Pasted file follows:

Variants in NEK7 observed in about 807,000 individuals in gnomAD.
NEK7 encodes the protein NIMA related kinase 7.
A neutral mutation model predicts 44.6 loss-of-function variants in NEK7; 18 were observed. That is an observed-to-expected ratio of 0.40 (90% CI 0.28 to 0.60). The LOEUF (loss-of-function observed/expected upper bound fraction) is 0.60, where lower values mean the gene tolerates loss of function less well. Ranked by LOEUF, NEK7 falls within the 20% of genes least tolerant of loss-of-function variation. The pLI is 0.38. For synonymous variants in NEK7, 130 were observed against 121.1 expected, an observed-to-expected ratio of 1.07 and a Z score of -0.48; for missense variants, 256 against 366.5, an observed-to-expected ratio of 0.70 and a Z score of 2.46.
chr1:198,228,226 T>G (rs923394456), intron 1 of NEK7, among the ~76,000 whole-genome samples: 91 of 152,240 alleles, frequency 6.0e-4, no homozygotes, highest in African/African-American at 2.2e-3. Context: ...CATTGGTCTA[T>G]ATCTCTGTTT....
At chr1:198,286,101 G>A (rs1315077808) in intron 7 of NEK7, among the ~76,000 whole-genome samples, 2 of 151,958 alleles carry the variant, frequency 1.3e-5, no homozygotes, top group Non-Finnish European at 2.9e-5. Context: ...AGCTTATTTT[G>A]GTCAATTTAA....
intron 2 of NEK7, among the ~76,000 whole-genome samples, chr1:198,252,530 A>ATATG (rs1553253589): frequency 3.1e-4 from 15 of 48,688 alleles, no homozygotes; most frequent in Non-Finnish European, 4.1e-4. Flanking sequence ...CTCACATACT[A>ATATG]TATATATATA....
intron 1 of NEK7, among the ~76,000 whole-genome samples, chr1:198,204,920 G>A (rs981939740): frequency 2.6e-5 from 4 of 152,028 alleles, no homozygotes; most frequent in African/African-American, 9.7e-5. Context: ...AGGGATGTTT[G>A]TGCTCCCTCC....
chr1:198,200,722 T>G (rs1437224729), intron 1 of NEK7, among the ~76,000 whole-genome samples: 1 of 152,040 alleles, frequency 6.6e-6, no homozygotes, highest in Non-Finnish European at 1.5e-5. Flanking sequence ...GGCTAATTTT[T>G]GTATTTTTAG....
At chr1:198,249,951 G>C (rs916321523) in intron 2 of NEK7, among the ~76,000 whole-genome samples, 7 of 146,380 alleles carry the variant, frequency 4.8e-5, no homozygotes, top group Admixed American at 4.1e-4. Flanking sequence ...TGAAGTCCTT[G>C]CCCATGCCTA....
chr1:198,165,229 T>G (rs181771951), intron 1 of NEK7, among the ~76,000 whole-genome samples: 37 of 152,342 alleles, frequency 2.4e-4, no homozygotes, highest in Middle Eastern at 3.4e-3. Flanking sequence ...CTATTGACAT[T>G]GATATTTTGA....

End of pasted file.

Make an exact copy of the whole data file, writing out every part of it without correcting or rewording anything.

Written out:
Variants in NEK7 observed in about 807,000 individuals in gnomAD.
NEK7 encodes the protein NIMA related kinase 7.
A neutral mutation model predicts 44.6 loss-of-function variants in NEK7; 18 were observed. That is an observed-to-expected ratio of 0.40 (90% CI 0.28 to 0.60). The LOEUF (loss-of-function observed/expected upper bound fraction) is 0.60, where lower values mean the gene tolerates loss of function less well. Ranked by LOEUF, NEK7 falls within the 20% of genes least tolerant of loss-of-function variation. The pLI is 0.38. For synonymous variants in NEK7, 130 were observed against 121.1 expected, an observed-to-expected ratio of 1.07 and a Z score of -0.48; for missense variants, 256 against 366.5, an observed-to-expected ratio of 0.70 and a Z score of 2.46.
chr1:198,228,226 T>G (rs923394456), intron 1 of NEK7, among the ~76,000 whole-genome samples: 91 of 152,240 alleles, frequency 6.0e-4, no homozygotes, highest in African/African-American at 2.2e-3. Context: ...CATTGGTCTA[T>G]ATCTCTGTTT....
At chr1:198,286,101 G>A (rs1315077808) in intron 7 of NEK7, among the ~76,000 whole-genome samples, 2 of 151,958 alleles carry the variant, frequency 1.3e-5, no homozygotes, top group Non-Finnish European at 2.9e-5. Context: ...AGCTTATTTT[G>A]GTCAATTTAA....
intron 2 of NEK7, among the ~76,000 whole-genome samples, chr1:198,252,530 A>ATATG (rs1553253589): frequency 3.1e-4 from 15 of 48,688 alleles, no homozygotes; most frequent in Non-Finnish European, 4.1e-4. Flanking sequence ...CTCACATACT[A>ATATG]TATATATATA....
intron 1 of NEK7, among the ~76,000 whole-genome samples, chr1:198,204,920 G>A (rs981939740): frequency 2.6e-5 from 4 of 152,028 alleles, no homozygotes; most frequent in African/African-American, 9.7e-5. Context: ...AGGGATGTTT[G>A]TGCTCCCTCC....
chr1:198,200,722 T>G (rs1437224729), intron 1 of NEK7, among the ~76,000 whole-genome samples: 1 of 152,040 alleles, frequency 6.6e-6, no homozygotes, highest in Non-Finnish European at 1.5e-5. Flanking sequence ...GGCTAATTTT[T>G]GTATTTTTAG....
At chr1:198,249,951 G>C (rs916321523) in intron 2 of NEK7, among the ~76,000 whole-genome samples, 7 of 146,380 alleles carry the variant, frequency 4.8e-5, no homozygotes, top group Admixed American at 4.1e-4. Flanking sequence ...TGAAGTCCTT[G>C]CCCATGCCTA....
chr1:198,165,229 T>G (rs181771951), intron 1 of NEK7, among the ~76,000 whole-genome samples: 37 of 152,342 alleles, frequency 2.4e-4, no homozygotes, highest in Middle Eastern at 3.4e-3. Flanking sequence ...CTATTGACAT[T>G]GATATTTTGA....